In the past, the Tangs divided their lands into two categories — communal and private, and managed them accordingly. Communal land belonged to the clan exclusively and couldn’t be sold without prior consent from the elders. These shared lands were divided into equal portions and rented out to clan members.
The money from the rent were used for the betterment of the community like scholarships or bursaries. The remaining funds were kept as savings only to be dipped into during times of dire need. Private land owners were given free rein to do as they wished with their property. The only provision is that a portion of their land would revert to the community when the original owner passed away.
The Tang clan’s growing prosperity inevitably attracted the attention of pirates who regularly plagued the Yuen Long district given its proximity to the Pearl River Delta. Using bricks, granite and wood, the villagers built secure homes which, together with the streets of the villages, were laid out in a manner that made it easier to defend in times of pirate raids. High walls ring entire settlements to help deter attacks.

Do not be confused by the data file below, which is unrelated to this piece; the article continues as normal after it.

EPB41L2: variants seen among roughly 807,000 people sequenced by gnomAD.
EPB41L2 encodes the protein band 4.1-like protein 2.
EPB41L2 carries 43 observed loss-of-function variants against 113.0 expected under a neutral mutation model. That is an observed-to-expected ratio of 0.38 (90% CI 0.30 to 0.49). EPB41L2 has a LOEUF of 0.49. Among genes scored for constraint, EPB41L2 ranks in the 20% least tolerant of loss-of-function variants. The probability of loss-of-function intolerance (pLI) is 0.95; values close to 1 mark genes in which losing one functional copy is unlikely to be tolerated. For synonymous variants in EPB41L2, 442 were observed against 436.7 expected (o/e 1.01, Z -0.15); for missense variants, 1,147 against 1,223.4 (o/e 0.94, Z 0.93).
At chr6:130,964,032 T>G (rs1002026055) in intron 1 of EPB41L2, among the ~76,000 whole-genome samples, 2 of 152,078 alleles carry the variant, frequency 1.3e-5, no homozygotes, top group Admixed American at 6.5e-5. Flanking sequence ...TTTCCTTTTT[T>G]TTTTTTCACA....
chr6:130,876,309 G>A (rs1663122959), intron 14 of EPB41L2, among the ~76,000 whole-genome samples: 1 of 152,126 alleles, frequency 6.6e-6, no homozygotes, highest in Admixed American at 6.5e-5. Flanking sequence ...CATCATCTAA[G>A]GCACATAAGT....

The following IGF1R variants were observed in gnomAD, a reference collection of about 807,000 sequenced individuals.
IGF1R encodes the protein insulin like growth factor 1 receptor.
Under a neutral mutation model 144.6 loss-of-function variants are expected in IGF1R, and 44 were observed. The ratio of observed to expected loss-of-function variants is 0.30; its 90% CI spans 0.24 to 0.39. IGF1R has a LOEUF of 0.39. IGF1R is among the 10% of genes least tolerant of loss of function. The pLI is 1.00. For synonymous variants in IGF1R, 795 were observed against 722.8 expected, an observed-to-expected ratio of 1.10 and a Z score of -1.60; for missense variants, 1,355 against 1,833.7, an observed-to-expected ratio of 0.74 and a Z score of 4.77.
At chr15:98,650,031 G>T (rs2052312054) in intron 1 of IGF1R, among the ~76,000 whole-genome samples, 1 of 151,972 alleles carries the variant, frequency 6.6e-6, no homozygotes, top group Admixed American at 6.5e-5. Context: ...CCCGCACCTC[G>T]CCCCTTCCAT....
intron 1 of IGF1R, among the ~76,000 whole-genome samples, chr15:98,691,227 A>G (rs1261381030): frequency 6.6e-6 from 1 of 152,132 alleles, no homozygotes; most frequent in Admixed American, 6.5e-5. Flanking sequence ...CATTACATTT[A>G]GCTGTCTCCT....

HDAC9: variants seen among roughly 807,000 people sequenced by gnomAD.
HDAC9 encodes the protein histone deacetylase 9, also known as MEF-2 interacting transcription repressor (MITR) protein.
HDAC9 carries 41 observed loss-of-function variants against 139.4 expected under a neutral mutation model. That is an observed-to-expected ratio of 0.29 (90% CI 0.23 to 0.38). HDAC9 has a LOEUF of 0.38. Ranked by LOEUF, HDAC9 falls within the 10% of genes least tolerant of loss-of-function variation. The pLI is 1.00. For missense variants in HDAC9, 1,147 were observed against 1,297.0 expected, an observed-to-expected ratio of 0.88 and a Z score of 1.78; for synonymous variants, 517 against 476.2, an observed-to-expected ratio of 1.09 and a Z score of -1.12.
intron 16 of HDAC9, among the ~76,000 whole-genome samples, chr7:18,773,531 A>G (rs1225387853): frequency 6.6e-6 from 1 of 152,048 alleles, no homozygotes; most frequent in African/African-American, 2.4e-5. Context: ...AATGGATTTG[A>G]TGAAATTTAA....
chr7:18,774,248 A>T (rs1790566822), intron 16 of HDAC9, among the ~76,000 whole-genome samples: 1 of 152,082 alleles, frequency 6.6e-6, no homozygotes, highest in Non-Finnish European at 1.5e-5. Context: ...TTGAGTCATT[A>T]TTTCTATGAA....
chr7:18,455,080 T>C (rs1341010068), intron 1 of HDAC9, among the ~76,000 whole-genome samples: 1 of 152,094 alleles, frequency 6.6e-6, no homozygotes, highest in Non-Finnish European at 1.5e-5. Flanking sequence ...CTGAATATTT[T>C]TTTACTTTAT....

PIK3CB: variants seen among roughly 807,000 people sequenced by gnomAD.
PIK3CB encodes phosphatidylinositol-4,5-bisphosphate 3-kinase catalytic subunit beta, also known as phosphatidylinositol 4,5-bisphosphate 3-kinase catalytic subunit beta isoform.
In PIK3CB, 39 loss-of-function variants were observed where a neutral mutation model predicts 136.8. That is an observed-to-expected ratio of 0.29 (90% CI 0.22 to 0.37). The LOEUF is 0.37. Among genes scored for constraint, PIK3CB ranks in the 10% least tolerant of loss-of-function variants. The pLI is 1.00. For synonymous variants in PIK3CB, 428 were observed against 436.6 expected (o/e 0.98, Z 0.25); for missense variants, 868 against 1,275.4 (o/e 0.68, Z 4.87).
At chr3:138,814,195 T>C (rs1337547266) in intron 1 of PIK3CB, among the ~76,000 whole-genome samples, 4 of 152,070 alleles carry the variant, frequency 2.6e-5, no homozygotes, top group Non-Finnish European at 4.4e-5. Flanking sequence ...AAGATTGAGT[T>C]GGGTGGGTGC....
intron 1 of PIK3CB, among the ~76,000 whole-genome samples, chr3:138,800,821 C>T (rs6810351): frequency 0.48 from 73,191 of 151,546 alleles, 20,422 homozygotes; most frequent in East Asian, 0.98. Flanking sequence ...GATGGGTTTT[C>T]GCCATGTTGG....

Apart from securing their villages from marauders, the Tangs also placed great effort in designing comfortable homes for themselves and their families. Photographs of Tang houses with open courtyards remind me of this similar feature found in pre-war shophouses back home.
These functional open areas, usually found in the middle portion of the homes, allow fresh air and sunlight into the otherwise musty and dark interiors. Today, some of the villagers can still be seen living in these traditional homes, their century-old furniture and household implements still intact.
I reach the end of the exhibits with just mere seconds to spare. Walking out into the warm summer sun, I stand at the edge of the hill to take a long look at the distant countryside, trying hard to see if I can figure out which parts look like a horseback rider.
At that moment, I notice a large cemetery by the nearby hill slope and begin to wonder if that’s the resting place of Yuen-ching and his son. Before I can take another step forward, I hear someone calling my name. It’s my friend Lo. Hopefully I’ll have another opportunity to come back here again and uncover the remaining wonders in Ping Shan.